Looking back, seven of the participants – boxers Julio Cesar Chavez, Felix Trinidad, Hector Camacho, Thomas Hearns, and Christy Martin and referees Richard Steele and Joe Cortez – would go on to the International Boxing Hall of Fame.

Hearns, who was nearing the end of his career, having grown into a cruiserweight, was matched soft, as was Christy Martin who was making her Las Vegas debut and was then looked upon as a sideshow novelty act. Two other notables, heavyweight Razor Ruddock and welterweight Meldrick Taylor, were likewise deployed in stay-busy fights. The undercards of Don King’s major promotions typically took this tack – big names in little fights.

Topping the bill were three world title fights. WBC 154-pound title-holder Simon Brown opposed Troy Waters. Trinidad defended his IBF welterweight title against Camacho. And in the grand finale, the great Chavez, who held a junior welterweight title, was matched against Frankie Randall.

Simon Brown had a more difficult time than expected against Troy Waters, a teak-tough Australian, but prevailed on a majority decision. Trinidad, at age 21 the younger man by 10 years, chased Camacho all over the ring en route to winning a unanimous decision. And Chavez….

The MGM Grand Garden was scaled to hold 15,200, but there were a lot of empty seats; the announced attendance was 12,777. One would have expected a sellout as Las Vegas is chock-full of revelers on a Super Bowl weekend, but there was an extenuating circumstance.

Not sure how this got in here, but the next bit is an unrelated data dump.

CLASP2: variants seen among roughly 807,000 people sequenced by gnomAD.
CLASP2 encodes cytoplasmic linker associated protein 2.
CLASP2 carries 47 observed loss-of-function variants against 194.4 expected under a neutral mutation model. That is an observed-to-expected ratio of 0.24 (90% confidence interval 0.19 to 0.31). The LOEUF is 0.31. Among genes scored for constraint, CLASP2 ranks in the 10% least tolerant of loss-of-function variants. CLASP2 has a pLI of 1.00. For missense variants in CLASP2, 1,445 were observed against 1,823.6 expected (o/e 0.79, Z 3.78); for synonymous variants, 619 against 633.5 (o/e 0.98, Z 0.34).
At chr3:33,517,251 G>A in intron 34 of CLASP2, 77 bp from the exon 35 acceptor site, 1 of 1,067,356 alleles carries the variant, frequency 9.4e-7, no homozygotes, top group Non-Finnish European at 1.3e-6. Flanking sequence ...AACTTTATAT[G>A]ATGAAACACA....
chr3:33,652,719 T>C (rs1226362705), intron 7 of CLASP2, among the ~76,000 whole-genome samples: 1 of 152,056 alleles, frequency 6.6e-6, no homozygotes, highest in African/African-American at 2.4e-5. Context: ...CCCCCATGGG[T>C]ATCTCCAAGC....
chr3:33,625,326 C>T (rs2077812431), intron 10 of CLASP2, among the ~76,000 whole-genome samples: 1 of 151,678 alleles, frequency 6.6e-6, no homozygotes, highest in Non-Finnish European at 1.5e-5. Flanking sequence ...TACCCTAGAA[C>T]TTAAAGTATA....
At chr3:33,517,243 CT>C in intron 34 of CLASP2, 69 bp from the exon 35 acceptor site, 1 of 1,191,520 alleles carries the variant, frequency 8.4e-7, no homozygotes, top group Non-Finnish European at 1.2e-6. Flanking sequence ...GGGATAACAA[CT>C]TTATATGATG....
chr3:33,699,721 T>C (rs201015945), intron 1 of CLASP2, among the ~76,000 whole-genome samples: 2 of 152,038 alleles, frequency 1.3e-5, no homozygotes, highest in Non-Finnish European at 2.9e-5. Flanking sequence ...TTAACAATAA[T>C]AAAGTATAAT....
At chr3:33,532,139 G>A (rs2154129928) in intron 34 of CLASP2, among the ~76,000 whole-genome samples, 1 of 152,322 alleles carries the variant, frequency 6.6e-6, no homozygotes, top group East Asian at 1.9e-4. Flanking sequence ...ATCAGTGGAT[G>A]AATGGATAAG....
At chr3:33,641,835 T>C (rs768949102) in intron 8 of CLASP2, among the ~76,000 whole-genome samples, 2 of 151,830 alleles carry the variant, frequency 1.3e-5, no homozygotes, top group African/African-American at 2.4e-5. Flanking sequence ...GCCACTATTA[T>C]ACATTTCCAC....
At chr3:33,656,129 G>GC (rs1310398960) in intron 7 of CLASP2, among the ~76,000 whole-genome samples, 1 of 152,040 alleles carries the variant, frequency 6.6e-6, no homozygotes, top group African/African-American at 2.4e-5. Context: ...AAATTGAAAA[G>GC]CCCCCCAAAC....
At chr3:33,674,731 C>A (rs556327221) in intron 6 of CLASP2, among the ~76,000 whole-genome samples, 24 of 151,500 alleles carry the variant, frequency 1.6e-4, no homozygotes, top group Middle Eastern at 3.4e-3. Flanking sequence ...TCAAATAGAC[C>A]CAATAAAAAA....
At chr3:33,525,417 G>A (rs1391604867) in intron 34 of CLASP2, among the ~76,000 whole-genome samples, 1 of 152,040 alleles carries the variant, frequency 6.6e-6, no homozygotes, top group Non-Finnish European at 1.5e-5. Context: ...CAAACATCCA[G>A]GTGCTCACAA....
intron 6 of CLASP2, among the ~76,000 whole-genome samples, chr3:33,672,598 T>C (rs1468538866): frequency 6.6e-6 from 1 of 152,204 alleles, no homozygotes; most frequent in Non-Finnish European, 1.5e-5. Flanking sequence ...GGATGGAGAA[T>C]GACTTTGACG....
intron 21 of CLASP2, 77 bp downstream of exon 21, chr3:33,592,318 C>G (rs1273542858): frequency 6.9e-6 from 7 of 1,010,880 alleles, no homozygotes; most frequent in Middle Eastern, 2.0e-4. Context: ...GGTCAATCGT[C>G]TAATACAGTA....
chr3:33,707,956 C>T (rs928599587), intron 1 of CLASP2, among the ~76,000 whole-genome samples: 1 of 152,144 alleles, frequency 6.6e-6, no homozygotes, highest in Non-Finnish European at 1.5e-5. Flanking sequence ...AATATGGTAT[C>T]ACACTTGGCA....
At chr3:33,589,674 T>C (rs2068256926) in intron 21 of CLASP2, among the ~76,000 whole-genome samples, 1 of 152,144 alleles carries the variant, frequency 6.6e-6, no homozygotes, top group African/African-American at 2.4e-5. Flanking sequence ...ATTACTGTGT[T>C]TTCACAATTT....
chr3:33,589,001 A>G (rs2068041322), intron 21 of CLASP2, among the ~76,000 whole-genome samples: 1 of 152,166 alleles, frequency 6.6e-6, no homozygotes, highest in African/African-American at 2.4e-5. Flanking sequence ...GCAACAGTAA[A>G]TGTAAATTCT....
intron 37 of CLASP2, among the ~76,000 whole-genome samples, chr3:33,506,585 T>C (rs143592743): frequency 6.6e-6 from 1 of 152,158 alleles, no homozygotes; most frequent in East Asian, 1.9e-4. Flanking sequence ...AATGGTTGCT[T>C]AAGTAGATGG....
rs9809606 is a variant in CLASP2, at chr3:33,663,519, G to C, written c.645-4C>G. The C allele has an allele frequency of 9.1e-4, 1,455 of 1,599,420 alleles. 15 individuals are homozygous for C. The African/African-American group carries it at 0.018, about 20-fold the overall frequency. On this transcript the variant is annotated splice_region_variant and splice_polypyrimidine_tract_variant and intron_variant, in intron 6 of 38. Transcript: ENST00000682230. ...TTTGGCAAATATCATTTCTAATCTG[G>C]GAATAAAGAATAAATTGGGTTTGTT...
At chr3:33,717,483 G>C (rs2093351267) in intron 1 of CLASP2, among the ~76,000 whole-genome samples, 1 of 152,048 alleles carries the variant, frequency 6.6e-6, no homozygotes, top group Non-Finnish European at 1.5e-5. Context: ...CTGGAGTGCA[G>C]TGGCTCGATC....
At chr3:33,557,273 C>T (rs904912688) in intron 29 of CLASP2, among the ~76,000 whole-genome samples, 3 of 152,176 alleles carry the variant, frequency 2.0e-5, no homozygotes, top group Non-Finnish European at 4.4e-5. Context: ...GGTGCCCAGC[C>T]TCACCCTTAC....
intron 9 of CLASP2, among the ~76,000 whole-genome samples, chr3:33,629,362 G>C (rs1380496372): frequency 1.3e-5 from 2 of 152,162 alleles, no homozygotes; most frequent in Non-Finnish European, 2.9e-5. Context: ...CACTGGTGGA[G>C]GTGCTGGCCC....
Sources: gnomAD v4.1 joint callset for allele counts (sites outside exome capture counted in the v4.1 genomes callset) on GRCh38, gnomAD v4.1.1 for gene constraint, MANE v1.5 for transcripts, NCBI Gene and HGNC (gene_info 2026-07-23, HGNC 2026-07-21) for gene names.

Twelve days before the fight, at 4:30 am on Jan. 17, Southern California was struck by an earthquake. Centered in the San Fernando Valley, about 20 miles northwest of downtown Los Angeles, the Northridge Earthquake damaged buildings as far as 85 miles away. It buckled portions of some heavily-traveled freeways, forcing their closure and repairs were hindered by a scattered series of aftershocks that lasted the better part of two weeks.

Visitors from Southern California are the backbone of the Las Vegas tourism industry. Most arrive by car. The earthquake had the effect of reducing hotel occupancy as many Southern Californians cancelled their reservations and that assuredly spilled over into the fight, hurting attendance. But those that were there witnessed a memorable main event.

Frankie Randall, nicknamed the Surgeon, hailed from Morristown, Tennessee. He had an excellent record (48-2-1, 39 KOs), but Julio Cesar Chavez, who owned the most eye-catching record in boxing (officially 89-0-1), was so highly regarded that he was listed as a 17/1 favorite in the MGM sports book.

Randall started strong, an indication that he would be a hard nut to crack. But the middle rounds belonged to Chavez with his patented body attack. In round seven, one of those body punches strayed too low and Richard Steele deducted a point.

In round 11, Steele deducted another point for the same infraction and, worse for Chavez, he was knocked down for the first time in his career. It was a straight right hand that did the damage, a clean punch, and although Chavez was up at the count of “three,” it was a 10-8 round for Randall.

During the early rounds, shouts of “May-hee-co, May-hee-co” reverberated through the arena. Late in the fight, when one could sense that an upset was brewing, shouts of “USA, USA” punctuated the din.